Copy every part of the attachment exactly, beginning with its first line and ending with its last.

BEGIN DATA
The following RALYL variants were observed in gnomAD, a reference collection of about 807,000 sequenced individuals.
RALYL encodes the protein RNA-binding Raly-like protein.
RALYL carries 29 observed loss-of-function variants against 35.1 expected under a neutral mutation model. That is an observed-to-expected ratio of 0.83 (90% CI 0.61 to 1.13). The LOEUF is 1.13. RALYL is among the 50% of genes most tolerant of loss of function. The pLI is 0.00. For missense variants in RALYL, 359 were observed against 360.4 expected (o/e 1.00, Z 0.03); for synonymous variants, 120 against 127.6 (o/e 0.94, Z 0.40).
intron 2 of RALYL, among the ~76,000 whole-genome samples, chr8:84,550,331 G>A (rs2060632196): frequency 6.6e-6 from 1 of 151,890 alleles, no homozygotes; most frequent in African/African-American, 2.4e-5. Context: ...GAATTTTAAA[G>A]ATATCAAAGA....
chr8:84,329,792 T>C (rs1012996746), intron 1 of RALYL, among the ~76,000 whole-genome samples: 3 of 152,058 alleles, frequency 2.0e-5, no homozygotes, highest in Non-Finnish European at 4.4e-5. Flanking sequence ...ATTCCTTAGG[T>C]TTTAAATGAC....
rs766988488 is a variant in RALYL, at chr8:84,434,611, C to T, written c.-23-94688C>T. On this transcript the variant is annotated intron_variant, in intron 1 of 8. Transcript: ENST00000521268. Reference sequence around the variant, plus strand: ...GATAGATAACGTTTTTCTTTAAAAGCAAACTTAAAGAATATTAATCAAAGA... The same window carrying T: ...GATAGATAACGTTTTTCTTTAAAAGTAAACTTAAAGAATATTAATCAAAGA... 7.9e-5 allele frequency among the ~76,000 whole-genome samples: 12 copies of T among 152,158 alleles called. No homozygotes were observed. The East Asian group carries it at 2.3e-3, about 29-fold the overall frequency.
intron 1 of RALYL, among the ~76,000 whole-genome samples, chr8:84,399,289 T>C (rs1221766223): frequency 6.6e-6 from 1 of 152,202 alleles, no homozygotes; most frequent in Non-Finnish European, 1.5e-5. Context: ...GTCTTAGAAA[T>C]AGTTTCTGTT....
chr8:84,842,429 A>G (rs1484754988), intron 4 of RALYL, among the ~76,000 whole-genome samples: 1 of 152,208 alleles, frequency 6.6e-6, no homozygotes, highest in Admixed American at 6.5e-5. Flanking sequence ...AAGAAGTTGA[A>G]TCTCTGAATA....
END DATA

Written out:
The following RALYL variants were observed in gnomAD, a reference collection of about 807,000 sequenced individuals.
RALYL encodes the protein RNA-binding Raly-like protein.
RALYL carries 29 observed loss-of-function variants against 35.1 expected under a neutral mutation model. That is an observed-to-expected ratio of 0.83 (90% CI 0.61 to 1.13). The LOEUF is 1.13. RALYL is among the 50% of genes most tolerant of loss of function. The pLI is 0.00. For missense variants in RALYL, 359 were observed against 360.4 expected (o/e 1.00, Z 0.03); for synonymous variants, 120 against 127.6 (o/e 0.94, Z 0.40).
intron 2 of RALYL, among the ~76,000 whole-genome samples, chr8:84,550,331 G>A (rs2060632196): frequency 6.6e-6 from 1 of 151,890 alleles, no homozygotes; most frequent in African/African-American, 2.4e-5. Context: ...GAATTTTAAA[G>A]ATATCAAAGA....
chr8:84,329,792 T>C (rs1012996746), intron 1 of RALYL, among the ~76,000 whole-genome samples: 3 of 152,058 alleles, frequency 2.0e-5, no homozygotes, highest in Non-Finnish European at 4.4e-5. Flanking sequence ...ATTCCTTAGG[T>C]TTTAAATGAC....
rs766988488 is a variant in RALYL, at chr8:84,434,611, C to T, written c.-23-94688C>T. On this transcript the variant is annotated intron_variant, in intron 1 of 8. Transcript: ENST00000521268. Reference sequence around the variant, plus strand: ...GATAGATAACGTTTTTCTTTAAAAGCAAACTTAAAGAATATTAATCAAAGA... The same window carrying T: ...GATAGATAACGTTTTTCTTTAAAAGTAAACTTAAAGAATATTAATCAAAGA... 7.9e-5 allele frequency among the ~76,000 whole-genome samples: 12 copies of T among 152,158 alleles called. No homozygotes were observed. The East Asian group carries it at 2.3e-3, about 29-fold the overall frequency.
intron 1 of RALYL, among the ~76,000 whole-genome samples, chr8:84,399,289 T>C (rs1221766223): frequency 6.6e-6 from 1 of 152,202 alleles, no homozygotes; most frequent in Non-Finnish European, 1.5e-5. Context: ...GTCTTAGAAA[T>C]AGTTTCTGTT....
chr8:84,842,429 A>G (rs1484754988), intron 4 of RALYL, among the ~76,000 whole-genome samples: 1 of 152,208 alleles, frequency 6.6e-6, no homozygotes, highest in Admixed American at 6.5e-5. Flanking sequence ...AAGAAGTTGA[A>G]TCTCTGAATA....